Last updated on September 30th, 2021 at 10:19 am
Not unlike many other twin parent experiences, we got off to a bumpy start. At 34 weeks and 5 days (yes, I count each of those 5 days!), our little boys made their surprise entrance into the world via emergency C-section. They hadn’t yet developed their suck/swallow/breathe reflex, so they were sent for a stay in the NICU. And so our journey to breastfeed began.
As a first time mother, I didn’t have any strong opinions towards breastfeeding. I wanted to try to nurse them, but if I was unable to, that was fine as well. I had one girlfriend who breastfed her children and offered to help with any questions I had. She knew a twin mom who breastfed her twins and that mom gave her the book, “Oh Yes You Can Breastfeed Twins!” to give to me. I only got to read a couple of chapters before the arrival of our boys, but I got the idea that it would take maintaining increased caloric and water intake, lots of pumping and some effort to make it work.
Once the effects of the anesthesia lifted, I was able to finally hold my babies for the first time. I’m not sure whether it was the hormones or the feeling of helplessness as my babies lay unable to survive on their own, or a combination of both, but a determination to do the only thing I could imagine doing to help them set in; I was going to breastfeed them!
A pump was rolled in to my room and I was lucky enough to have the extended stay that came with a C-section, so there was enough time to get the hang of pumping prior to leaving. The necessity of a support system cannot be underestimated. My husband did all he could to make sure the babies and I were thriving. He took pictures of the babies for me to look at while pumping, made sure that I was eating, checked on the babies, labeled and ran the milk to the NICU if I was resting and took turns with me washing out all of the (million) pump parts in the little hospital room sink. The lactation consultants made sure I was pumping correctly. The NICU nurses were largely supportive and congratulated every milliliter (and eventually every ounce) that was pumped. When my milk finally came in, my husband, family, girlfriends and I celebrated! Every 2 hours (3 hours at night), I was attached to the pump, making what the NICU nurses called “liquid gold” and hobbling to and from the NICU.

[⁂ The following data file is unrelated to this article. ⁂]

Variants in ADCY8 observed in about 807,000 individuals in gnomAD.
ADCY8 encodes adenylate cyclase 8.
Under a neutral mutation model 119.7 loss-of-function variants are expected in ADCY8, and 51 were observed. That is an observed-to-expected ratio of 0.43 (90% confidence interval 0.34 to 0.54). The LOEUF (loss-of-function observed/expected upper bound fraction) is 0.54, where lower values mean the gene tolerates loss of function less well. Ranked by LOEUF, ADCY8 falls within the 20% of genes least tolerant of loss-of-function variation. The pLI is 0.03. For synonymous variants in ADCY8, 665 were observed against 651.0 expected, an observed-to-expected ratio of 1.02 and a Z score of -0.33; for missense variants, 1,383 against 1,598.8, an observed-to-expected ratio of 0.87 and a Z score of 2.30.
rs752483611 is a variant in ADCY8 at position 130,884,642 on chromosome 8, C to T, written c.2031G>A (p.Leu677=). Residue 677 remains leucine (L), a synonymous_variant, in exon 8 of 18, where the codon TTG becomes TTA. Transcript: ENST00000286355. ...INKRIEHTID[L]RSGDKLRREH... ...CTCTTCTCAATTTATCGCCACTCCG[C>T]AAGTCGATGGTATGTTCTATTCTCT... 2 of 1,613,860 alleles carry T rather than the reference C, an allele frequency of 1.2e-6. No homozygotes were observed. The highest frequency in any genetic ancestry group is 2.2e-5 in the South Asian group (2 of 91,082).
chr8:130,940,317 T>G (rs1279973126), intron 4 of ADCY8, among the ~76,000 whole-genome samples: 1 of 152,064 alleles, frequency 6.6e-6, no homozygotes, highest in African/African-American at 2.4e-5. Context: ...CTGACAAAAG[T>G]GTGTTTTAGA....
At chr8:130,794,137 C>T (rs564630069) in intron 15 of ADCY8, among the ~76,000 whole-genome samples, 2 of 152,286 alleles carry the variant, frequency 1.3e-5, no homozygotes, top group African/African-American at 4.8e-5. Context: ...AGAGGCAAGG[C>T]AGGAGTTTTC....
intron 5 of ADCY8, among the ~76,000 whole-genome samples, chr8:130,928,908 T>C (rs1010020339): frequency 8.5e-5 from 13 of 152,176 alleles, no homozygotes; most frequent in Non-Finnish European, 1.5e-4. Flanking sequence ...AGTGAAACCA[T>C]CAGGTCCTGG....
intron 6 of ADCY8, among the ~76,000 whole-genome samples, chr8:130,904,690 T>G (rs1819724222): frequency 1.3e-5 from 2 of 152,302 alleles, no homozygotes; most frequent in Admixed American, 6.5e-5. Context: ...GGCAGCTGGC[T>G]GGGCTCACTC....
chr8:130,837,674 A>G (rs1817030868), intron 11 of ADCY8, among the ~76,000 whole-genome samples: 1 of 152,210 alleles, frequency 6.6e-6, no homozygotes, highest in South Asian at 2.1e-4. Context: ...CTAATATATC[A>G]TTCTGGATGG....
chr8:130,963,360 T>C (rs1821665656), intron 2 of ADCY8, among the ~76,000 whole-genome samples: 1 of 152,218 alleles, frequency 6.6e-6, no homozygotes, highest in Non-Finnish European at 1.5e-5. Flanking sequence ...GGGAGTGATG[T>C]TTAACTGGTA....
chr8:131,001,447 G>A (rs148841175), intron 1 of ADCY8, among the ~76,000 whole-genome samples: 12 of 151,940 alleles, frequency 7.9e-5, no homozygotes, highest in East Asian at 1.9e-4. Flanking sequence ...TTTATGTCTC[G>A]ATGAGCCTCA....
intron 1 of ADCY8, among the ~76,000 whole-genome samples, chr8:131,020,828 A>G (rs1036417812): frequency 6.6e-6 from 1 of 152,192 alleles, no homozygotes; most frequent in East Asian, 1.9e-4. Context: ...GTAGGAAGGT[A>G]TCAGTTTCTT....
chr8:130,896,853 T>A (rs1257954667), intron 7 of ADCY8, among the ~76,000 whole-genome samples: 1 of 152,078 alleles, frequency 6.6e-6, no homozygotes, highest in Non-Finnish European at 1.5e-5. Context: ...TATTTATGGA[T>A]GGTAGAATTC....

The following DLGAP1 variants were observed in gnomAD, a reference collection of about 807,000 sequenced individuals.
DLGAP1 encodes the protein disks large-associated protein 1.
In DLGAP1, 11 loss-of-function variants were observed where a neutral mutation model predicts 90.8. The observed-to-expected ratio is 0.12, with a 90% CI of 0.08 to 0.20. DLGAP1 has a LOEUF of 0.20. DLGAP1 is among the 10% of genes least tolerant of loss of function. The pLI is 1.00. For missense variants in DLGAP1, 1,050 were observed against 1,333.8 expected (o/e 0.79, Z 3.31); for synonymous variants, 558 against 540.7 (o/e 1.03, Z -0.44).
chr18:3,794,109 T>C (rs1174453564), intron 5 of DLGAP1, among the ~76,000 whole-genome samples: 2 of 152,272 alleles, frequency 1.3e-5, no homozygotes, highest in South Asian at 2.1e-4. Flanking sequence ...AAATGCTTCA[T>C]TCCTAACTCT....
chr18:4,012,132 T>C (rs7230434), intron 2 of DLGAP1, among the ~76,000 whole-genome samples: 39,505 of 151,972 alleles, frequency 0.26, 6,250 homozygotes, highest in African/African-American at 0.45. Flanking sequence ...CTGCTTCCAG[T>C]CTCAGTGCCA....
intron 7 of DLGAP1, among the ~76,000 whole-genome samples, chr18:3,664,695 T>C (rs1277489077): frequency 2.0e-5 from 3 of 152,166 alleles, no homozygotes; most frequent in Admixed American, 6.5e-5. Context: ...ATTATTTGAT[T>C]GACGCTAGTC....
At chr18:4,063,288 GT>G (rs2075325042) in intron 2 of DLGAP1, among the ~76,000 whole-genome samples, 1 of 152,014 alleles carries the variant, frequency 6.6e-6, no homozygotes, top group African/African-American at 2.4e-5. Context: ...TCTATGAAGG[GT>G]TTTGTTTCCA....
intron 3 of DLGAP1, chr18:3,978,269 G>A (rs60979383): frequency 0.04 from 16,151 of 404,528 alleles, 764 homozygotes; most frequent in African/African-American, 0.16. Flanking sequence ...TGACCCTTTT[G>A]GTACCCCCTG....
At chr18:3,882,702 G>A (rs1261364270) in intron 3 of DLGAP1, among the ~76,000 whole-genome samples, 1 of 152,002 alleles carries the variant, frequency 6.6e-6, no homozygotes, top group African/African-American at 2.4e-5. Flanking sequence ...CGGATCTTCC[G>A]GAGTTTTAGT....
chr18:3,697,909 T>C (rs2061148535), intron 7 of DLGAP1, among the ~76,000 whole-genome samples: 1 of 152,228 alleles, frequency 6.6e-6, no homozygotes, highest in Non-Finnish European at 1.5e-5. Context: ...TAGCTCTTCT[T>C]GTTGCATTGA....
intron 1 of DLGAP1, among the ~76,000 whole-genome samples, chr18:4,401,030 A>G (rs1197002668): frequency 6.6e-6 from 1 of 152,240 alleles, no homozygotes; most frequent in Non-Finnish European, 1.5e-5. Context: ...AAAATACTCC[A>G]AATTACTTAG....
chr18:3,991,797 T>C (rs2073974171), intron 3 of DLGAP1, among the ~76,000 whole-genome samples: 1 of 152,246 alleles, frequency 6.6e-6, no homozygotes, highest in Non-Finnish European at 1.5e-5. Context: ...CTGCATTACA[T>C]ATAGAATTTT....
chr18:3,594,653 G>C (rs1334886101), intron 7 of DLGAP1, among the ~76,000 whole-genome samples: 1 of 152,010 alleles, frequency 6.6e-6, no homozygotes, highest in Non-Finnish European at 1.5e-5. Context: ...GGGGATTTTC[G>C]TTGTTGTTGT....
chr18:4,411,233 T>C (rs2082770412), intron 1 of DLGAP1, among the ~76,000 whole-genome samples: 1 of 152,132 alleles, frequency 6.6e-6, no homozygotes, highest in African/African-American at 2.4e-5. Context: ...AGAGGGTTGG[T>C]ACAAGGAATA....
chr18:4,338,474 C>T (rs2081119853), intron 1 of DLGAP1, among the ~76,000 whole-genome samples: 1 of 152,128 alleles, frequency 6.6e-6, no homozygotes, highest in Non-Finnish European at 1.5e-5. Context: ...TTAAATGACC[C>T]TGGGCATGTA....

From what I know now, the bottle feeding of formula and receipt of pacifiers probably made our breastfeeding journey slightly more difficult. But at least once a day (I wish it were more), I held the babies to my breast and attempted to get them to latch. One of the nurses suggested the usage of nipple shields as the boys may have been suffering from nipple confusion. This ended up being the key to them being able to nurse in their brief periods of wakefulness. After 11 days, we were able to take our babies home with us where they would eat both formula and breast milk without being weighed before and after eating. I obsessed over how much they were eating, spitting up, waking, sleeping, their temperature, every little thing. I never wanted to be forced to be away from them again.